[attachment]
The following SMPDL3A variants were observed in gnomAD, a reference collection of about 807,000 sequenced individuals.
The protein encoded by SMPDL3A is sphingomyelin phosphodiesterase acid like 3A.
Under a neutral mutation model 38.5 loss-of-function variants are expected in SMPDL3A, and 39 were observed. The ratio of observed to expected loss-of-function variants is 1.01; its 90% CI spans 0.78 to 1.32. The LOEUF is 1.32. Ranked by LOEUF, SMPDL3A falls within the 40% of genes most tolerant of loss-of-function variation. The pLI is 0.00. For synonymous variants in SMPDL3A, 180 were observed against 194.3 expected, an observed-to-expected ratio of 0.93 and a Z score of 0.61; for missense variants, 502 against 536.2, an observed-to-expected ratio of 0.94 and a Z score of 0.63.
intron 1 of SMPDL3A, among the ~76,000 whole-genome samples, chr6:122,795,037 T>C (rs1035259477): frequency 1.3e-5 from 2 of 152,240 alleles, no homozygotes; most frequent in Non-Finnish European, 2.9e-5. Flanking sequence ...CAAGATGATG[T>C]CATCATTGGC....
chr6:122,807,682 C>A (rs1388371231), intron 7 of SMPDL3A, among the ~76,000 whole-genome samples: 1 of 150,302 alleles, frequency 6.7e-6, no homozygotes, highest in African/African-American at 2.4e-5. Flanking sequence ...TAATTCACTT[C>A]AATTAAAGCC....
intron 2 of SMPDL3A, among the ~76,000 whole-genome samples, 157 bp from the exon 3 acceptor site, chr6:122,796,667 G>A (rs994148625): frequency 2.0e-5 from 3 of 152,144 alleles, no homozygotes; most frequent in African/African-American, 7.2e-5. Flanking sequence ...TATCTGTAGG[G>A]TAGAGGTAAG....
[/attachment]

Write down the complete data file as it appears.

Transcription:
The following SMPDL3A variants were observed in gnomAD, a reference collection of about 807,000 sequenced individuals.
The protein encoded by SMPDL3A is sphingomyelin phosphodiesterase acid like 3A.
Under a neutral mutation model 38.5 loss-of-function variants are expected in SMPDL3A, and 39 were observed. The ratio of observed to expected loss-of-function variants is 1.01; its 90% CI spans 0.78 to 1.32. The LOEUF is 1.32. Ranked by LOEUF, SMPDL3A falls within the 40% of genes most tolerant of loss-of-function variation. The pLI is 0.00. For synonymous variants in SMPDL3A, 180 were observed against 194.3 expected, an observed-to-expected ratio of 0.93 and a Z score of 0.61; for missense variants, 502 against 536.2, an observed-to-expected ratio of 0.94 and a Z score of 0.63.
intron 1 of SMPDL3A, among the ~76,000 whole-genome samples, chr6:122,795,037 T>C (rs1035259477): frequency 1.3e-5 from 2 of 152,240 alleles, no homozygotes; most frequent in Non-Finnish European, 2.9e-5. Flanking sequence ...CAAGATGATG[T>C]CATCATTGGC....
chr6:122,807,682 C>A (rs1388371231), intron 7 of SMPDL3A, among the ~76,000 whole-genome samples: 1 of 150,302 alleles, frequency 6.7e-6, no homozygotes, highest in African/African-American at 2.4e-5. Flanking sequence ...TAATTCACTT[C>A]AATTAAAGCC....
intron 2 of SMPDL3A, among the ~76,000 whole-genome samples, 157 bp from the exon 3 acceptor site, chr6:122,796,667 G>A (rs994148625): frequency 2.0e-5 from 3 of 152,144 alleles, no homozygotes; most frequent in African/African-American, 7.2e-5. Flanking sequence ...TATCTGTAGG[G>A]TAGAGGTAAG....